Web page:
Mixed-use project in Bouldin Creek clears final hurdle

Photo by city of Austin

Tuesday, March 21, 2023 by Jonathan Lee

The Board of Adjustment granted a height increase March 13 that will allow a mixed-use project in the Bouldin Creek neighborhood to move forward. 

Plans for the Copeland at 1000 S. First St. include two condominium buildings with a total of 120 units, a 95-room hotel and 65,000 square feet of offices, all with underground parking, as well as retail space, parkland and a row of townhomes. 

To make the project viable, developer StoryBuilt requested a variance to compatibility, a rule that limits the height of buildings near single-family homes. Land use attorney Michael Whellan argued that the site is so constrained by rules governing heritage trees and water quality protection that it isn’t feasible to develop without additional height – a hardship he argued meets the Board of Adjustment’s legal standard for a variance.

Whellan also said the project has support from the Bouldin Creek Neighborhood Association. “The applicant worked with the neighborhood for over three years to develop a consensus plan, including support for this variance,” he said.

The compatibility variance allows buildings up to 65 feet tall, or four to five stories. Without the variance, buildings could only be that tall on about half the site. 

To ensure community benefits, the applicant and the neighborhood signed a restrictive covenant. One requirement is that 20 percent of the condo units must be affordable for those making 60 percent of the median family income.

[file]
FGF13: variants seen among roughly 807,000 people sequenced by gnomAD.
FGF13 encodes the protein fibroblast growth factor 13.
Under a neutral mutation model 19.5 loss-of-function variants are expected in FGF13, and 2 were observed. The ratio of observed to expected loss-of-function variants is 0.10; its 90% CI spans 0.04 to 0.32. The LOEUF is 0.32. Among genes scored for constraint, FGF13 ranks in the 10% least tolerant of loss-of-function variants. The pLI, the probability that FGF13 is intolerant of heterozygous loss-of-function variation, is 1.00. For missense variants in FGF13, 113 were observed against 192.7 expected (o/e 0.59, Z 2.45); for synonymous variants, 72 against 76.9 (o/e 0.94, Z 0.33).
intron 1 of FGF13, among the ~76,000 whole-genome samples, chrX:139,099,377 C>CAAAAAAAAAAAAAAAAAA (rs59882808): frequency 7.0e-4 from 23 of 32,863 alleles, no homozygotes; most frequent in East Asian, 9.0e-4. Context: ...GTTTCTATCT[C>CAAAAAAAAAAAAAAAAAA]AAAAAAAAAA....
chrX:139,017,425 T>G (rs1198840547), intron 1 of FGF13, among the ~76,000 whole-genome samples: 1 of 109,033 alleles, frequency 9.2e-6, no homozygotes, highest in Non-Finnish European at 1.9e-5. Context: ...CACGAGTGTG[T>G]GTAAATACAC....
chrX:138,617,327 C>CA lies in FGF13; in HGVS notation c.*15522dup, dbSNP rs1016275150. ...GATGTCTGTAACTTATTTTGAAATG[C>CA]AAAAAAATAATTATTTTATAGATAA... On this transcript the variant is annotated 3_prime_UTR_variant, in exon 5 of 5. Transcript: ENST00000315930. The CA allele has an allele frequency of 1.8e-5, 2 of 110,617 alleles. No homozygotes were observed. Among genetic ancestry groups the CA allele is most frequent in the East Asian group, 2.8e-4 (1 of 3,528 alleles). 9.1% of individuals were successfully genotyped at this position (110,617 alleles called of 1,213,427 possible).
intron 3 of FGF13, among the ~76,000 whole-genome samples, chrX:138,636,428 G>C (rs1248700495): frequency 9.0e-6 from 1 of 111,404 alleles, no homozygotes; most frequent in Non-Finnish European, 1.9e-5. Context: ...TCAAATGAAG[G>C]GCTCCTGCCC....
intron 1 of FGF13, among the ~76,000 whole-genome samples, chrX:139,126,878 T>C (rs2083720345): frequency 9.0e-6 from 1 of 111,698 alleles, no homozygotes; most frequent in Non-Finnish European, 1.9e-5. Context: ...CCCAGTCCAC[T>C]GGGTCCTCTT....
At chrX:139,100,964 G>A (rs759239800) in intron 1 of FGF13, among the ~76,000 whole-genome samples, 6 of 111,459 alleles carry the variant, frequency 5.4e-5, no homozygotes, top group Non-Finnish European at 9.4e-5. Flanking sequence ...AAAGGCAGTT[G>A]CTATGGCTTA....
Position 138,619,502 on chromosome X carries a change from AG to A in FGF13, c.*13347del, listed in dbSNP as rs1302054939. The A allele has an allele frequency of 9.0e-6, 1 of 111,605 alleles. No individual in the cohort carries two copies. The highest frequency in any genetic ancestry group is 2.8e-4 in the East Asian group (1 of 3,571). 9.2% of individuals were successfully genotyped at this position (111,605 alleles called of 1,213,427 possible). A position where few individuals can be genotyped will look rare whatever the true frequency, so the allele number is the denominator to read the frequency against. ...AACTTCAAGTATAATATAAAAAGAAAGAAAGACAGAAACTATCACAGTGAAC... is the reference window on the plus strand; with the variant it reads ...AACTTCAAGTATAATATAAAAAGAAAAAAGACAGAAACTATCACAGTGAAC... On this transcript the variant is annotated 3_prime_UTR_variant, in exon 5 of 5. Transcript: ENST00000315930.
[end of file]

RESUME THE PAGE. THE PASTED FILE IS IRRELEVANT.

“Affordable housing at 20 percent within a half-mile of downtown is huge and is a major reason that our neighbors supported this,” said Jeff Seiden, a representative from the neighborhood association. 

The agreement also establishes a $1 million fund to protect heritage trees from damage during construction. For each damaged tree, the developer has agreed to pay $100,000 from the fund to local affordable housing organizations.

The proposed parkland is viewed as a boon for neighbors. According to Seiden, it would effectively increase the size of nearby Nicholas Dawson Park by 30 percent. 

The board voted 9-0-2 to support the variance request, with board members Richard Smith and Nicholl Wade abstaining.

“When I saw this come through (the Planning Commission) I was really excited,” Chair Jessica Cohen said. “I would love to see more of it. Thank you so much for working so well together. I’m hoping everybody looks and says, ‘Oh, look what we can do,’ and starts doing it everywhere.”

Board Member Darryl Pruett, despite his yes vote, expressed conflicting feelings about the case.

“I do not like variances from compatibility standards,” Pruett said. “I don’t like having big, huge, tall buildings right next to somebody else’s house. Looks to me like they’ve put a lot of thought into this. They’ve done this the correct way, which is to fit with the neighborhood, talk to them, come up with a vision for what it’s supposed to be like.”

The variance was a final hurdle from the city that the project needed to clear, following City Council’s approval of a zoning change last December. The developer has submitted site plans to the city and anticipates breaking ground in early 2024, with completion in 2026. The project will complement an adjacent development named Frank that StoryBuilt recently completed. 

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This article First appeared in austinmonitor

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